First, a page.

At the same time, Russia is involved in the OSCE’s Minsk Group alongside France and the United States, which is attempting to mediate a peaceful resolution to long-running Nagorno-Karabakh conflict.
Turkey, meanwhile, has openly supported Azerbaijan, and its recent offensive against Armenia, which it Erdogan described Sunday as “an obstacle to peace.” The Turkish leader has in the past invoked shared Muslim faith and ethnic affinity with Azerbaijan. Erdogan also appears increasingly drawn to foreign adventures in places like Libya and Syria in a bid to reclaim the former regional influence of the Ottoman Empire.
There are unconfirmed claims that Turkey may have recruited and airlifted refugee fighters from Syria to support Azerbaijani forces in Nagorno-Karabakh, but Ankara denies the allegations.
There are also indications that it’s possible Turkey may have supported Azerbaijan’s offensive with its own very capable drone forces, possibly performing surveillance or even air strikes using precision munitions.
The July Clashes
The latest round of Azeri-Armenian clashes was preceded by hostilities begun on July 12 on the northern end of the Azeri-Azerbaijan border, ostensibly when Armenian forces opened fired on an Azerbaijani UAZ jeep heading towards their position. (Azerbaijan claims the Armenian forces opened fire unprovoked.)
Fighting rapidly escalated to involve mortar and heavy artillery bombardments, armored vehicles, and combat and surveillance drones. Azerbaijan employed Israeli Spike-NLOS loitering precision strike missiles against Armenian positions and targeted the Armenian internet with a wave of cyberattacks. Armenia deployed Su-30SM jet fighters on air patrols and domestically built X-55 drones on reconnaissance missions. Both sides claimed to have destroyed well over a dozen drones.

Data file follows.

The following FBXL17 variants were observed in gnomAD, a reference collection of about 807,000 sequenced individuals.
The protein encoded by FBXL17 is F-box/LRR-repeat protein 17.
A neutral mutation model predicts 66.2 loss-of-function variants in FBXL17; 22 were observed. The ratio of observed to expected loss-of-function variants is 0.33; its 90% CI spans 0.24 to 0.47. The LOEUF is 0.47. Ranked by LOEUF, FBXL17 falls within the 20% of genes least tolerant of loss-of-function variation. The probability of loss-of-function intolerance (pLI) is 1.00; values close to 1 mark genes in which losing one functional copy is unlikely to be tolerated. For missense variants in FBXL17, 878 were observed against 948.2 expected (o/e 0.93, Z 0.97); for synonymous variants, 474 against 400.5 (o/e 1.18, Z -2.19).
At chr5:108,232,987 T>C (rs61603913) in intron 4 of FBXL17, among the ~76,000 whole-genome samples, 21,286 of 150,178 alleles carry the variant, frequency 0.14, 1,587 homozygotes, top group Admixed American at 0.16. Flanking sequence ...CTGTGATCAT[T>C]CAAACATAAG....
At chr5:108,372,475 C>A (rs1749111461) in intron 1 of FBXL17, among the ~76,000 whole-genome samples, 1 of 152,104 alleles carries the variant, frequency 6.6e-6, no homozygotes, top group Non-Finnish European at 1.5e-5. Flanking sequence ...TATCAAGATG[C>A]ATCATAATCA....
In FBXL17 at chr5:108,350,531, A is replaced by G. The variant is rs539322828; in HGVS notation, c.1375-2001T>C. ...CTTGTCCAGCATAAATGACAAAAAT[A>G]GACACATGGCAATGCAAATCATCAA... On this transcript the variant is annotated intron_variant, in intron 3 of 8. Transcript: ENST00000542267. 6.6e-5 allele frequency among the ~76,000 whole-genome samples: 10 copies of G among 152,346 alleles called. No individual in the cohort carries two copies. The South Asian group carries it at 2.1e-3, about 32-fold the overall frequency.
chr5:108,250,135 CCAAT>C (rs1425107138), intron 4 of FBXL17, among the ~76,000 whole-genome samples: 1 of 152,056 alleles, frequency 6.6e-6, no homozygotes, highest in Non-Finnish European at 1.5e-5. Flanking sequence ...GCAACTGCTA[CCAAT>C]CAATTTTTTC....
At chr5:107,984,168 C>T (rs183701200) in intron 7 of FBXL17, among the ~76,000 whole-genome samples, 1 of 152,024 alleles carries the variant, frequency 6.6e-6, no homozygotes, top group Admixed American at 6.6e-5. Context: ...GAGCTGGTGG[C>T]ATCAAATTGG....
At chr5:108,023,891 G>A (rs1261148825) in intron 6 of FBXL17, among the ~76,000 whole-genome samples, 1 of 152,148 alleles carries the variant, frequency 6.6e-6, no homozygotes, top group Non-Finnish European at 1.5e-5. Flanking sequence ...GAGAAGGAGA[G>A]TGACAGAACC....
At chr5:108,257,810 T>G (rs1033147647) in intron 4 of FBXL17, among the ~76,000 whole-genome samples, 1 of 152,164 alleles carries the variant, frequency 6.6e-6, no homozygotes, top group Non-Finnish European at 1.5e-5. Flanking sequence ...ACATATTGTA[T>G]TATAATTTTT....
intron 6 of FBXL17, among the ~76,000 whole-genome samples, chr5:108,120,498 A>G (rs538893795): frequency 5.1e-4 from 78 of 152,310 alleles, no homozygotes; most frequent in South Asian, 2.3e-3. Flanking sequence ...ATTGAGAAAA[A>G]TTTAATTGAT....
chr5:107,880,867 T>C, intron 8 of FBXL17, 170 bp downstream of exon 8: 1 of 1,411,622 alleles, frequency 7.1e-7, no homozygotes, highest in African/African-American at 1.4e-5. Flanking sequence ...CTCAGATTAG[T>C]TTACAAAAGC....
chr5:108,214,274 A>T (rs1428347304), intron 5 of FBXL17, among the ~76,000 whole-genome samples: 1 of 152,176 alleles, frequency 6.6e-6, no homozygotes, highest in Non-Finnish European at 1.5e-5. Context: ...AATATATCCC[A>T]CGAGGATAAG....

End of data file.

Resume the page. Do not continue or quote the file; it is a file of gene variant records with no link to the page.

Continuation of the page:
Perhaps most consequentially, on July 14 over 30,000 nationalist protestors gathered in Baku calling for an escalation in the conflict. The protests eventually took on anti-government tone, leading to the storming of the parliament before being broken up.
Fighting petered off a week later, by which time twelve Azerbaijanis were killed, including a Major General and a 76-year-old civilian. The Armenian side lost five dead and one mortally wounded soldier.
Senior U.S. officials barely made any note of the crisis. Paul Stronski wrote for the Carnegie Endowment for International Peace that “the administration of President Donald Trump has yet to issue a policy on the South Caucasus region, creating a vacuum that other powers—including Iran and Russia—appear eager to fill. The lack of senior level response to the latest violence shows once again that Washington does not see the Caucasus as a priority.”
Given the distractions of the U.S. presidential campaign, U.S. diplomatic disengagement seems likely to continue.
In an article in Foreign Policy magazine, Neil Hauer notes that Azerbaijani governments were toppled twice in the 1990s due to military failures in the conflict with Armenia. Thus the escalation of the protests on July 14 were a particularly alarming experience for autocrat Ilham Aliyev, who has ruled Azerbaijan since 2003.
Therefore, the current Azerbaijani offensive may be a bid by Aliyev to stabilize his government by seeking to satisfy nationalistic demands for military escalation and victory, while diverting attention away from domestic problems.
Moscow, in turn, may pressure Baku to deescalate as the attack weakens the credibility of the military deterrence Russia provides Armenia. Reportedly, Russian foreign minister Sergei Lavrov has already had telephone conversations both with Armenian foreign minister Zohrab Mnatsakanyan and Turkish foreign minister Mevlüt Çavuşoğlu.
Whether the new offensive can deliver military success, real or perceived, for Aliyev’s government and to what degree the fighting may escalate remains to be seen.
Whatever the case, the renewed fighting is a blow to hopes for peace in the region and the civilian communities exposed to deadly heavy artillery and drone strikes.
Article updated 8:40 AM EST on Sunday with new claims, links and videos pertaining to losses in the conflict.